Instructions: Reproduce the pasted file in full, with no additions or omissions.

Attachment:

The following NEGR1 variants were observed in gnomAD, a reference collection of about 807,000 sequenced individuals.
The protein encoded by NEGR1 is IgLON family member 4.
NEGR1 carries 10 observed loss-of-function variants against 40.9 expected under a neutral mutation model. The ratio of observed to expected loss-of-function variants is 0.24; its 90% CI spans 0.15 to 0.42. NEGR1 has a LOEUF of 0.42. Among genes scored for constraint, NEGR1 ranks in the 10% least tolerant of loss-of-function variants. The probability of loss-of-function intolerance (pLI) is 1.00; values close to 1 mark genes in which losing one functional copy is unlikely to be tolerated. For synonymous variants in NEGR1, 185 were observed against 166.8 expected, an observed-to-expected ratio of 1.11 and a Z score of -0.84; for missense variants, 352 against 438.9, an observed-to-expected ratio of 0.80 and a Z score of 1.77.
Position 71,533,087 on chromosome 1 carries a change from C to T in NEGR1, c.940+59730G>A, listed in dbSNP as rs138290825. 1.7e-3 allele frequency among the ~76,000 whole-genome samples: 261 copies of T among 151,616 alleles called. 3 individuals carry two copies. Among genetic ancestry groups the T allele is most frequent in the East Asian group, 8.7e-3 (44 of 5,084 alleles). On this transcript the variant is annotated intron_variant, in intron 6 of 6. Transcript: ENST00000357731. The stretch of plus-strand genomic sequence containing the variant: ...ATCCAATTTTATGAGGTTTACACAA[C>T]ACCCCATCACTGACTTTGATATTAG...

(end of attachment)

The following NEGR1 variants were observed in gnomAD, a reference collection of about 807,000 sequenced individuals.
The protein encoded by NEGR1 is IgLON family member 4.
NEGR1 carries 10 observed loss-of-function variants against 40.9 expected under a neutral mutation model. The ratio of observed to expected loss-of-function variants is 0.24; its 90% CI spans 0.15 to 0.42. NEGR1 has a LOEUF of 0.42. Among genes scored for constraint, NEGR1 ranks in the 10% least tolerant of loss-of-function variants. The probability of loss-of-function intolerance (pLI) is 1.00; values close to 1 mark genes in which losing one functional copy is unlikely to be tolerated. For synonymous variants in NEGR1, 185 were observed against 166.8 expected, an observed-to-expected ratio of 1.11 and a Z score of -0.84; for missense variants, 352 against 438.9, an observed-to-expected ratio of 0.80 and a Z score of 1.77.
Position 71,533,087 on chromosome 1 carries a change from C to T in NEGR1, c.940+59730G>A, listed in dbSNP as rs138290825. 1.7e-3 allele frequency among the ~76,000 whole-genome samples: 261 copies of T among 151,616 alleles called. 3 individuals carry two copies. Among genetic ancestry groups the T allele is most frequent in the East Asian group, 8.7e-3 (44 of 5,084 alleles). On this transcript the variant is annotated intron_variant, in intron 6 of 6. Transcript: ENST00000357731. The stretch of plus-strand genomic sequence containing the variant: ...ATCCAATTTTATGAGGTTTACACAA[C>T]ACCCCATCACTGACTTTGATATTAG...